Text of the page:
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A scorching stock market rally that pushed the benchmark S&P 500 to its best August in more than 30 years is entering what is historically the most volatile two-month stretch of the year, increasing the likelihood of market turbulence in the final stretch before the U.S. presidential election.

So far, investors who bailed on the U.S. stock market due to the economic toll of the coronavirus pandemic and increasing unemployment have paid a price. The S&P 500 is near record highs and up 7% year-to-date, including an 11.5% gain since the start of July.

The S&P 500 logged one of its few significant declines since the start of summer on Thursday, falling 3.5% as investors dumped high-flying, technology-focused stocks - sending the market’s fear gauge, the CBOE Market Volatility index, near a 10-week high.

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Thursday’s declines may be a preview for a rocky next two months as institutional investors return from summer vacations and refocus on the potential economic pitfalls in the year ahead, fund managers and strategists said.

See also: 2016 all over again? Investors ready for big market moves as U.S. election nears

“Historically, you see low trading volumes in the summer and low information processing. That has been true this year as well,” said Jonathan Treussard, partner at Research Affiliates. “I can assume that on the back of pretty severe mental exhaustion from the first half of the year, a lot of people tried to unplug and are starting to get serious again now.”

Overall, the S&P 500 has fallen by an average of 0.5% in September since 1944, the largest decline of any month, and fallen on average during each election year over that span, according to research firm CFRA. The largest average losses have come in cyclical stocks including auto parts, steel and semiconductors. The best-performing months have been April and December.

October has notched the deepest historical declines of any month in both the S&P 500 and the small-cap Russell 2000, with the S&P 500 falling 21.8% and the Russell down 30.8% in 1987, according to CFRA.

Among key events that investors are watching for this month is the Federal Reserve’s policy meeting to discuss potential further steps to support the economy on Sept. 16, the central bank’s last meeting before the November elections.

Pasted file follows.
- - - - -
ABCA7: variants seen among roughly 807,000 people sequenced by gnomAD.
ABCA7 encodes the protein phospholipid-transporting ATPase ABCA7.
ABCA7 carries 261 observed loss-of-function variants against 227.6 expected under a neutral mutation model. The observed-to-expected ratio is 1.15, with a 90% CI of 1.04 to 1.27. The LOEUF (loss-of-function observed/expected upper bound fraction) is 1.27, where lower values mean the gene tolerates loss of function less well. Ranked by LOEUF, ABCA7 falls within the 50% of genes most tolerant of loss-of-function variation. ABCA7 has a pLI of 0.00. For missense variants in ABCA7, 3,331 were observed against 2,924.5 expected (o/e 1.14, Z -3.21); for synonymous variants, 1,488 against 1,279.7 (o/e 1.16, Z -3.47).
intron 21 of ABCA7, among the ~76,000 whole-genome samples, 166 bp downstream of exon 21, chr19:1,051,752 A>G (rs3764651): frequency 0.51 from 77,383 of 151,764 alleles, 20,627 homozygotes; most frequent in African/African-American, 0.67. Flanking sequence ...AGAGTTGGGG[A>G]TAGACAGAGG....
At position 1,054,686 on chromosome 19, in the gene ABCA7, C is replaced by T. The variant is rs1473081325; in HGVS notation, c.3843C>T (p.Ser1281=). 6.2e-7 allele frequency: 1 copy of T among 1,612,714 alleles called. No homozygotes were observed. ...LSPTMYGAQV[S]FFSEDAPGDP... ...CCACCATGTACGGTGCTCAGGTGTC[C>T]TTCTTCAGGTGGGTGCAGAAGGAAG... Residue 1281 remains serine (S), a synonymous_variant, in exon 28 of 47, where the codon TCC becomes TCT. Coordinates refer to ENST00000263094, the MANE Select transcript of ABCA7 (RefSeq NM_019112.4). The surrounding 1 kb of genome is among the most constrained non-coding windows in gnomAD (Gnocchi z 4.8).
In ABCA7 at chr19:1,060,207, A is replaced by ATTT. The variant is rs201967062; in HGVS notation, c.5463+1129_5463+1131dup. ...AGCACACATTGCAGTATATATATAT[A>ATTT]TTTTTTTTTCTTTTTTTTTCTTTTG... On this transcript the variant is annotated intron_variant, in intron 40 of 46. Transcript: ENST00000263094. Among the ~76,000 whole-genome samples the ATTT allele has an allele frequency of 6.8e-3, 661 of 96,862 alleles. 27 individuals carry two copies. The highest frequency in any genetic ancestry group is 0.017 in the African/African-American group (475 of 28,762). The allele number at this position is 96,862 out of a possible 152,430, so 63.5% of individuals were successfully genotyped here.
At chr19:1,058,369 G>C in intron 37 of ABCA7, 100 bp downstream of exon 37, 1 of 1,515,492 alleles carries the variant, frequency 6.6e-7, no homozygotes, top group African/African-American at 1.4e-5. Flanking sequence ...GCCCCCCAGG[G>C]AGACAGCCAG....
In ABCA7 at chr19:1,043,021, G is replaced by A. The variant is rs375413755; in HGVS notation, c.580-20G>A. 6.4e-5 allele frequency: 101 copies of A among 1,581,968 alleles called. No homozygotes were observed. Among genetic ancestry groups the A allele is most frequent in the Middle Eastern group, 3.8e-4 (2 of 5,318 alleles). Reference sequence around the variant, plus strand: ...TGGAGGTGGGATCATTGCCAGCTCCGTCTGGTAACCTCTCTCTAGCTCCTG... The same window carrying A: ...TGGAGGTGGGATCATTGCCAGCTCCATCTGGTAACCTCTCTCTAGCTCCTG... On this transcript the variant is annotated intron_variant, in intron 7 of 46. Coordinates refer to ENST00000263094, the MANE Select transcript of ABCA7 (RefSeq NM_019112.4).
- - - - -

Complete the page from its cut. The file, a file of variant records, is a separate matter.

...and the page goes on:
A breakdown in negotiations between congressional Democrats and the White House for another economic stimulus bill may further increase volatility at a time when the S&P 500 is trading near its highest valuations since the late 1990s tech boom, said Sam Stovall, chief investment strategist at CFRA.

U.S. House of Representatives Speaker Nancy Pelosi said Tuesday that “serious differences” remain between Democrats and the White House over coronavirus relief legislation.

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Following the death of more than 184,000 people in the U.S. from COVID-19, there could be increased fear of a new wave of the coronavirus. The New York City school system, the country’s largest, this week pushed back its opening day in order to put more health measures in place.

In addition, the concentration of gains in a handful of tech stocks such as Apple Inc and Amazon.com Inc leaves the market at a greater risk for a deep sell-off as uncertainties over the presidential election rise, said Charlie Ripley, senior investment strategist for Allianz Investment Management.

Concerns over election uncertainty have risen because of a heavier reliance on mail-in ballots due to the pandemic. President Donald Trump has asserted, without evidence, that mail ballots would increase fraud and disrupt the November election, although experts say voter fraud of any kind is extremely rare in the United States. Trump increased those calls Wednesday by suggesting that residents of battleground state North Carolina try to vote twice, an illegal act. The presidential election “will bring volatility to the markets even beyond the actual election day. There is the potential things will not be decided the night of the election” due to delays in counting mail-in votes, Ripley said.

“Stocks are already near all-time highs,” he said, “so it doesn’t take a lot for things to go sour.”

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